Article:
Are We There Yet? Health Data Integration

Back in the mid-‘80s, much of our data was stored on analog media. We had cassettes, VHS tapes and albums. Together, they accounted for 26 percent of stored media. Then in the early 2000s, digital storage pushed analog storage aside to become the preferred method of retaining information, whether it was photos, music or other data.

Today, we collectively produce about 2.5 exabytes of data each day. In the early 1990s, the world created a now-paltry 100 gigabytes of data each day; next year it’s expected to be closer to 50,000 gigabytes every second.

This “Big Data” contains all sorts of information about us. What we buy. Where we shop. The movies we like.
Big Data also contains information about our health.

It includes information collected from apps on our smartphones, wearables or Internet of Things-connected devices in the home. It’s the data in medical records that live with health plans, the primary care physician and the specialist.

It’s the information we need to capitalize on today and in the near future to improve our health.

While it’s fairly easy today to predict something at the aggregate level thanks to Big Data, bringing the information to a cohesive individual instance is more difficult. The digital glucose monitor feeds information into a specific app. A digital scale sends its data to another software program. These services may or may not send that information to providers.

Scattershot Approach

Personal health data is scattered and stored in many dissimilar, unconnected devices on proprietary servers that generally don’t talk to each other.

Integrating these devices and the information they collect is the critical next step to improving health on the individual level. We need to be able to share information across devices so, for example, a provider, a care manager, a family member and a patient all can access the same health details in real-time via a single app or device.

For payviders like Kaiser Permanente, this task is relatively easy as they own all the data about individual members and the treatment facilities. HealthConnect is the EHR that links Kaiser providers and members: “It improves member safety and quality of care by providing access to comprehensive patient information and the latest best practice research in one place.”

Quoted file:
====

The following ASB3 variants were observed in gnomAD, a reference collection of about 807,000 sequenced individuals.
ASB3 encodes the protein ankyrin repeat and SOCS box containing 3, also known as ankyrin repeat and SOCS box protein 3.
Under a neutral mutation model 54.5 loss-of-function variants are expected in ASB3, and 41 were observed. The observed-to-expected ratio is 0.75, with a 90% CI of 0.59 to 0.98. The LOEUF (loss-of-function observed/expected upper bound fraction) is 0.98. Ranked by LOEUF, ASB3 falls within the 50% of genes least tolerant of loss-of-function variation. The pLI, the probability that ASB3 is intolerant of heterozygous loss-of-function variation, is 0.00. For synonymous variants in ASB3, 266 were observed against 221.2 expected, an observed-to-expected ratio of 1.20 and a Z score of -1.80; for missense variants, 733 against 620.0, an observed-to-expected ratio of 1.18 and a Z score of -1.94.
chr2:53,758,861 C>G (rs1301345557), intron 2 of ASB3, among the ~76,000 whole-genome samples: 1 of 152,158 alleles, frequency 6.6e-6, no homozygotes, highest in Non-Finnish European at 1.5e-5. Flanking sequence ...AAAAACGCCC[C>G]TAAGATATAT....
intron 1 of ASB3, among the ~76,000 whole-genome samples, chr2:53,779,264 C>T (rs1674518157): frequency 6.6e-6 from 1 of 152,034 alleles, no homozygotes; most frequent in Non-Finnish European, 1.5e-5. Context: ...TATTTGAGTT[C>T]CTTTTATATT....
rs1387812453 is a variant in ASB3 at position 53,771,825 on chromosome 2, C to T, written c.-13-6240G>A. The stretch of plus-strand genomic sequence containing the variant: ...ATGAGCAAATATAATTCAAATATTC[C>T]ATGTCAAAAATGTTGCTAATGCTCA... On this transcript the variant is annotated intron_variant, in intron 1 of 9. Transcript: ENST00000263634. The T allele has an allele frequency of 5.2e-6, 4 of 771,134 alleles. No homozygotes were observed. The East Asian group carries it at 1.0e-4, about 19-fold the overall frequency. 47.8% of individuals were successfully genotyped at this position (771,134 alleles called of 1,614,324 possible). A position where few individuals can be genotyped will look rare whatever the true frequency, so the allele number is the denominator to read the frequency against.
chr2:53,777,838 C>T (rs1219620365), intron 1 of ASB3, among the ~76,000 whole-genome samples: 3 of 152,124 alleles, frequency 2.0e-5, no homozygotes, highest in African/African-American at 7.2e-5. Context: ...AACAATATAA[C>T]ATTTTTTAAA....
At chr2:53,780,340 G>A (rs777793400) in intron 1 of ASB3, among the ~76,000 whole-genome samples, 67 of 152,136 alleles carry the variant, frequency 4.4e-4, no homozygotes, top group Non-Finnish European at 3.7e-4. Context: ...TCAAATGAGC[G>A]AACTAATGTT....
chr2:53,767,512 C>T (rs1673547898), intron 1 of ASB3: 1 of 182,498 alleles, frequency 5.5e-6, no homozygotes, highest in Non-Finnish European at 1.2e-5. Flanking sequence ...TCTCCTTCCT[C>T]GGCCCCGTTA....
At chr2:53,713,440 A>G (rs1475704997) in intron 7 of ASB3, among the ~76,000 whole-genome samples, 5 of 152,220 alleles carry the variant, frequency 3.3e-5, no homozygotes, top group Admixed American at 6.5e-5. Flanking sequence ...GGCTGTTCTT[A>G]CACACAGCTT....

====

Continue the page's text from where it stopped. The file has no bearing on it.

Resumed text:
A great start no doubt, but it leaves out two important factors: healthcare consumers who change health plans and physicians. Every year, 20-30 percent of people change their health insurer for a variety of reasons including changes in employer, wanting a less expensive option or desiring better services. Healthcare consumers are apt to change providers (nearly 60 percent) looking for better treatment and service.

Either way, much of the patient’s health information remains with the original health plan or physician. One can request medical records, of course, but the details often remain fragmented. There’s no central storage of the entire patient health record. The personal health record is a partial answer, but even the information it contains is limited.

At this point, much of this aspect of healthcare remains analog even though healthcare consumers would rather have it be digital: “Increased convenience could be facilitated at the point of patients’ self-research, scheduling, intake, and the discussion and scheduling of follow-on treatment needs,” according to a Deloitte survey. “While this process remains largely manual today, despite significant investment in health IT, expanding the digital connection to providers could enhance convenience and personalization for the health care consumer.”

So are we there yet? Almost, but not quite.

How much of your digital health information is integrated with your care?
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